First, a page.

a little bit of honesty

Gosh it's good to be writing a little more frequently. I've made it a priority again, and it feels so good to have my own space. So little of what is mine is actually mine, but this space is mine, and I cherish it, regardless of what any one else thinks. Even though I very much appreciate all your thoughtful comments. I really do. 

Just a few things. I'm reading The Scarlet Letter. Nathaniel Hawthorne is a literary genius. His wit and humor bleed onto every page. Unlike every other 16 year old in America, I missed my opportunity at reading this incredible classic because my gray-haired, overweight, bell-bottom wearing, Cadillac-driving American Lit teacher decided to literally "bark" at all the classroom norms and never asked us to read the classics. Instead, he gave us a list of texts we could choose from to read and write papers on every 4 weeks. So what did we all do? We chose the shortest, easiest novels on the planet and avoided anything with real depth and meaning. Let's just say that I got an A in that class, and I did it without thinking. So thanks for nothing Mr. Worley. I'm discovering all the great American classics on my own and in my thirties. I'm the coolest. 

Timmy turns a year in less than 2 weeks. I'm pretty sure I've noted this in several of my recent posts. Obviously I'm traumatized by it. But his birthday has me thinking about my postpartum. I'm still nursing and plan to do so until he quits, unless he's older than 2 because I have my limits. But I assume he'll quit sooner because the boy eats like a king, and I'm more of a midnight snack, really. Anyway, I've been taking zoloft for postpartum depression since October. I feel that it has greatly improved my quality of life, so much so that I truly feel happier as a mother and a person. And I've been worried about Timmy turning 1 because I keep thinking, well crap, does that mean that my postpartum depression disappears after he's 1? I'm pretty sure I heard somewhere (and I know cannot actually be true but I got it in my brain so I can't get it out) that postpartum generally subsides around the child's 1st birthday. Is this true? I'm not sure.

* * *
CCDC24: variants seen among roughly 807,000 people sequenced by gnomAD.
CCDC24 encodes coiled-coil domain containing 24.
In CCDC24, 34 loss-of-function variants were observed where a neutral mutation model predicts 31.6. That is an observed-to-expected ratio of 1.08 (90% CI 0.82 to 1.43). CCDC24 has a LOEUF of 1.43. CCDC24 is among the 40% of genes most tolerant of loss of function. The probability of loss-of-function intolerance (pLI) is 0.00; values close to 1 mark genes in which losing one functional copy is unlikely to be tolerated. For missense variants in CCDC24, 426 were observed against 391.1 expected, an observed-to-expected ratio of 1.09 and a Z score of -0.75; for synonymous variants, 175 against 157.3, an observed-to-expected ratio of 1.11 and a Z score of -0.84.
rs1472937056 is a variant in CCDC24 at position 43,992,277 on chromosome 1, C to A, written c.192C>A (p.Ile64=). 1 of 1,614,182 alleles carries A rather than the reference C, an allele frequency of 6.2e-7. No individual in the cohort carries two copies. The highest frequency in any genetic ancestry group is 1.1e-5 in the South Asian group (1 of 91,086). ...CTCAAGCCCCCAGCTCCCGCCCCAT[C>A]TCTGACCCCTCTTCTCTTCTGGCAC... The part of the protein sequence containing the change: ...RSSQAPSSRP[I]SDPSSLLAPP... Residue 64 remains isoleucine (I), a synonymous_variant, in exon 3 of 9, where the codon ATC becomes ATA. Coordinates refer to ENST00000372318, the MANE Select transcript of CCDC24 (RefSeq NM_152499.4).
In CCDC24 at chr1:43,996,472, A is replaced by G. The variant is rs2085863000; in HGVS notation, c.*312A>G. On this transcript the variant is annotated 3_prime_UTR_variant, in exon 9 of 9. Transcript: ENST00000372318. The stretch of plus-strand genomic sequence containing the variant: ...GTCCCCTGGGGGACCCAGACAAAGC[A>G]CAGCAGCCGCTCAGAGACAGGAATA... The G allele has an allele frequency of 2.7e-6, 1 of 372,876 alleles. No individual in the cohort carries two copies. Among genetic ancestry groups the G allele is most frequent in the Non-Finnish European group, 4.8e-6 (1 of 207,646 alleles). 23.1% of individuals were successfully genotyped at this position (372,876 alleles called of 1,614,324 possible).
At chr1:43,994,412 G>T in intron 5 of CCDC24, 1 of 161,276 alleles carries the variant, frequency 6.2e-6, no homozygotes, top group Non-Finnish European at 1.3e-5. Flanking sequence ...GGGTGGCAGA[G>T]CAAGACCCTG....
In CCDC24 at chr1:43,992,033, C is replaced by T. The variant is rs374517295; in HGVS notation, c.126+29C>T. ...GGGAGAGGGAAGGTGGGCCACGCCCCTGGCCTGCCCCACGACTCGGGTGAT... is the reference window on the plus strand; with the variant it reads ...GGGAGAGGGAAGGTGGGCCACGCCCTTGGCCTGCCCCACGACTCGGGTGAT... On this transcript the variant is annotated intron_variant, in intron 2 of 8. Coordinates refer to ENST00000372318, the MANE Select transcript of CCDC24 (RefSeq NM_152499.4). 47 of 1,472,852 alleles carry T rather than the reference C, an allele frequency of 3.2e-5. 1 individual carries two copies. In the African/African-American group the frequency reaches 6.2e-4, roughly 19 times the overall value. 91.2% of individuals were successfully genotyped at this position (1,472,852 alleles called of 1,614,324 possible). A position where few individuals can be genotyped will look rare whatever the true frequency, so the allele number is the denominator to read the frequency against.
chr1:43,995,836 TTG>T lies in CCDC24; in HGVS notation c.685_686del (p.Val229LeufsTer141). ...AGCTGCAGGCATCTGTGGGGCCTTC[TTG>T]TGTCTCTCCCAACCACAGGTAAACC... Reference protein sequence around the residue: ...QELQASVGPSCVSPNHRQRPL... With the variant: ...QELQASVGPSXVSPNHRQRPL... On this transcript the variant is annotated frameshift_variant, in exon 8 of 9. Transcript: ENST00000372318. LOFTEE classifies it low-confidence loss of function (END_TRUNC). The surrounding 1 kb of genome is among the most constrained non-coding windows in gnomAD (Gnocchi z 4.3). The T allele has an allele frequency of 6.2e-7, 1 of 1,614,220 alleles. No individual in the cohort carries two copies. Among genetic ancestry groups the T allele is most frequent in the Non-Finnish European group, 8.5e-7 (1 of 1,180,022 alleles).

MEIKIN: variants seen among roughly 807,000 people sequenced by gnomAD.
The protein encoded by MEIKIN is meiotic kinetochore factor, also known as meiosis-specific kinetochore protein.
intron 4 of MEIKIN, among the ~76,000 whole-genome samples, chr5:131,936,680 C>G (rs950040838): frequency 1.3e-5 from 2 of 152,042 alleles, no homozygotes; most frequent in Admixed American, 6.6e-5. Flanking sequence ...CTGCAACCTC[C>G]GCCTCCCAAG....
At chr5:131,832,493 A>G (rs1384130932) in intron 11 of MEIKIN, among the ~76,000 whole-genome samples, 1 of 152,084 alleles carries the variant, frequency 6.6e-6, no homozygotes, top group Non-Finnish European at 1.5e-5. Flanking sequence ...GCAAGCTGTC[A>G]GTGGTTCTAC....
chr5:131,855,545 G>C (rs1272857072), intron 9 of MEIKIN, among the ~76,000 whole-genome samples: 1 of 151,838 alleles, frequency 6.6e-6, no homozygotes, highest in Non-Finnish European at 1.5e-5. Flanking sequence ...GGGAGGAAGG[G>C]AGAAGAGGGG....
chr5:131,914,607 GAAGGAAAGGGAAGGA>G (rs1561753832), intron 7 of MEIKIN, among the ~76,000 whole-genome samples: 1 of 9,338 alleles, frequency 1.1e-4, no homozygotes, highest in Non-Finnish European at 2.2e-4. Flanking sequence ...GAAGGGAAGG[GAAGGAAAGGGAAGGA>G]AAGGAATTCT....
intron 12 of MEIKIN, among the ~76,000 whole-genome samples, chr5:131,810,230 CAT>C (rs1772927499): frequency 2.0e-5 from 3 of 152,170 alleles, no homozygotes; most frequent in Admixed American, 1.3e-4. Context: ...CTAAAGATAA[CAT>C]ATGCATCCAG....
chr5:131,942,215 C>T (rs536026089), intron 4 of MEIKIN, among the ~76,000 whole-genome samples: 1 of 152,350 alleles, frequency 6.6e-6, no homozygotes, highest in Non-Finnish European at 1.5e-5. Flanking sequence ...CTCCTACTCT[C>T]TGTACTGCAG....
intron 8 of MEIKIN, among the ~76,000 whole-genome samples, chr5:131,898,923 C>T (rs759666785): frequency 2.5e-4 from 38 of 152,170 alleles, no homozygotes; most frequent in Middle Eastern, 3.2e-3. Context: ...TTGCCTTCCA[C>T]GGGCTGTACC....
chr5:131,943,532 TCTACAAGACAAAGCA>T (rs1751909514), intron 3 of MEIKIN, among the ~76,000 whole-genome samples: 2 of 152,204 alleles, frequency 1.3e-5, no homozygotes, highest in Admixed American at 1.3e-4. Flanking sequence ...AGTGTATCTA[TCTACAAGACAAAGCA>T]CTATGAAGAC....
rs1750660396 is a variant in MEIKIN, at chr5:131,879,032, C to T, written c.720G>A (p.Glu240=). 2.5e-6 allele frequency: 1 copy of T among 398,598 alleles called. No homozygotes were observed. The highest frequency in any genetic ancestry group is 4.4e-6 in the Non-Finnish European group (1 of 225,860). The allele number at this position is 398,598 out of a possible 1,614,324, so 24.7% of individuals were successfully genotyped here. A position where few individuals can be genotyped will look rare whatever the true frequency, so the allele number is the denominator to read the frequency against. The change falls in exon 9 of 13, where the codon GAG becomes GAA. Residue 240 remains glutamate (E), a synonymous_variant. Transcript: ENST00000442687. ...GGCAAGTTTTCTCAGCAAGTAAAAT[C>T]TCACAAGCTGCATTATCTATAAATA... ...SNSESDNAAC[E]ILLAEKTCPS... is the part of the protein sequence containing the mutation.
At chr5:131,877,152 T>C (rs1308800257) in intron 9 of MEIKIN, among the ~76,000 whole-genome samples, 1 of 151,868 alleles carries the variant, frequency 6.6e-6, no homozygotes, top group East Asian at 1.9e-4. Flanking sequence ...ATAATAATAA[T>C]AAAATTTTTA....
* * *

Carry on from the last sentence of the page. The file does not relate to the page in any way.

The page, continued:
As I said, I really feel happier. I don't get so wound up as I used to. I don't yell nearly as much as I used to; in fact, I don't really yell at all unless it's after 8pm and the kids refuse to go to bed (you have to give me that one). I feel calm when Mya yells at me each morning, even though I know a part of me wants to yell back that no Mya, I don't know where your damn pants are. I clean them every other day, and I am not in charge of them after you wear them. But I don't yell. In fact, I don't even get agitated. I just take it in, and I sternly reply that I refuse to be spoken to in such a tone and she can find her own pants because I will only help kind people. And so on and so on. 

I'm not going to lie to you and tell you that I am a perfect mom now. I'm not. I still get frustrated and grumpy. I'm still human. I'm still a woman with raging hormones. But I feel different. And so I am left wondering, is it all the medication? Is any of it actually me growing up? Or growing as a mother? Or is it happening because I know there are no more babies in my future so I don't have to stress about pregnancy or infancy or sleepless nights? There are a million unknowns. And all those unknowns freak me out. 

I don't really want to go back to the old me that yelled a lot. I hated seeing the girls wince when I raised my tone. My house is so calm and quiet 70% of the day because the 3 kids I have at home with me really don't push my buttons too much (except for Birdie at the moment...oh man...I could've killed her today when she refused her nap...but I digress) and so I don't want to mess with our current dynamic. 

So what do I do? Who am I anyway? These are real thoughts. They are hard questions with few answers. But for now I still have 2 weeks so I am just going to mull over these things and try and schedule a doctor's appointment so I can talk to a medical professional who most likely won't have the answers either but will manage to assuage my fears with some fancy medical jargon, and all will be right again. 

Well, it's late, and Hawthorne is waiting for me. Goodnight.

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"Be kind and considerate with your criticism... It's just as hard to write a bad book as it is to write a good book." Malcolm Cowley